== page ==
Chalabi's own future does not interest us here. The point is that the elaborate game the U.S. has been playing with its Coalition Provisional Authority and its Iraqi Governing Council for a year or so is already in complete shambles. Little of it now exists, and they have to find a completely new, different set of clients. That is the secret behind the American insistence on the charade that is to happen on June 30 when Lakhdar Brahimi, the U.N. envoy who staged the Loya Jirga in Afghanistan and imposed the Karzai dispensation there - in the name of the Security Council, the international community, and the rest - is to produce a whole new set of faces to continue the job in a "transfer of sovereignty" that will leave the whole of the occupation force in place, beyond even the whiff of any control by the new "sovereign", and will also leave in place all the laws enacted by the U.S. which the new Iraqi "sovereign" shall have no authority to change in any manner; indeed, this "sovereign" shall have no authority to either make or alter any laws, or to change the tenure of the vast array of officials and advisors who will have been appointed by the US for the coming many years.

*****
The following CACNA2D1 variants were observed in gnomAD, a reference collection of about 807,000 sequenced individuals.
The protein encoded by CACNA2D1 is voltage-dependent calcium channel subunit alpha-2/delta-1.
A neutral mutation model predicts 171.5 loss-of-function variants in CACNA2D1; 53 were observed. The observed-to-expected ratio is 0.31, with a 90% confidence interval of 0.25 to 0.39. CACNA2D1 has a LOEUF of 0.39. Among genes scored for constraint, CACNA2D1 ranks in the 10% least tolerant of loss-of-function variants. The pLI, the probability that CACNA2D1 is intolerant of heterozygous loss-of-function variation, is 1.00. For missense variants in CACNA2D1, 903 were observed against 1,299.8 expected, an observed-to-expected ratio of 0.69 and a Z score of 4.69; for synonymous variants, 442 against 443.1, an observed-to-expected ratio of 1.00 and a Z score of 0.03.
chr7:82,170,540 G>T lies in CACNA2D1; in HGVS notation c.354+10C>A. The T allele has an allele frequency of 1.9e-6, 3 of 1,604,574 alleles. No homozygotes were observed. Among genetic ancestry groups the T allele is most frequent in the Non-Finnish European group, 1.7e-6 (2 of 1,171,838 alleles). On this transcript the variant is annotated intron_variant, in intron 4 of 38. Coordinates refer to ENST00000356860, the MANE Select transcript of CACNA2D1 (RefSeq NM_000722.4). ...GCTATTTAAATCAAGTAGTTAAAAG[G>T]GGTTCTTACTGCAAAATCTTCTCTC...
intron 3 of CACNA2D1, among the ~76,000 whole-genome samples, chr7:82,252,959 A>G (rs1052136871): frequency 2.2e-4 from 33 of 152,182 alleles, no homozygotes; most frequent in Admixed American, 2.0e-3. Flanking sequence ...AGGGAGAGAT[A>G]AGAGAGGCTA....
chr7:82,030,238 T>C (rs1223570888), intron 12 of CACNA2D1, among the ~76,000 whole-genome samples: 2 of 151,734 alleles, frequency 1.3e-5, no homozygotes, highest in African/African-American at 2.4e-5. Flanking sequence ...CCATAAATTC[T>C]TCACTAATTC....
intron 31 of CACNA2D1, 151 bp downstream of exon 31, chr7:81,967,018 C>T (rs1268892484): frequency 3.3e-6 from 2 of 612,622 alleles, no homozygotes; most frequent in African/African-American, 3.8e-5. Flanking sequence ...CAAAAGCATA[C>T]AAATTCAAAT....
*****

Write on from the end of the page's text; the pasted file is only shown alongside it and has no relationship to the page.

Baghdad now has the largest CIA station the world has seen since the fall of Saigon in 1975. The Embassy will have 1,300 U.S. officials and at least 1,500 Iraqi employees. It will be so sprawling that it will have three officials of ambassadorial rank, with John Negroponte, who supervised the "contra" invasion of Nicaragua from El Salvador, as the presiding deity.

NO Iraqi - or any other court outside the U.S. - shall have the jurisdiction to try any American for anything he or she might have done in Iraq, no matter how criminal their act. The Americans shall be not just above the law; they shall be the law. It is in this setting that the Security Council is currently in session, considering for adoption a resolution drafted by the U.S. which makes the U.N. a party to all this, with perhaps some minor modifications here and there. Even by the wording of this resolution, which seeks the U.N. to take up a direct role in policing Iraq and seeks a "peacekeeping force" under the U.N. flag, the U.S. shall retain all authority and the "peacekeeping force" shall be under its command.

A Spanish soldier with his baby at Madrid's Torrejon airbase on May 24 on his arrival from Iraq. The Spanish decision to withdraw troops was followed by similar decisions by other countries of the coalition.-DENIS DOYLE/AP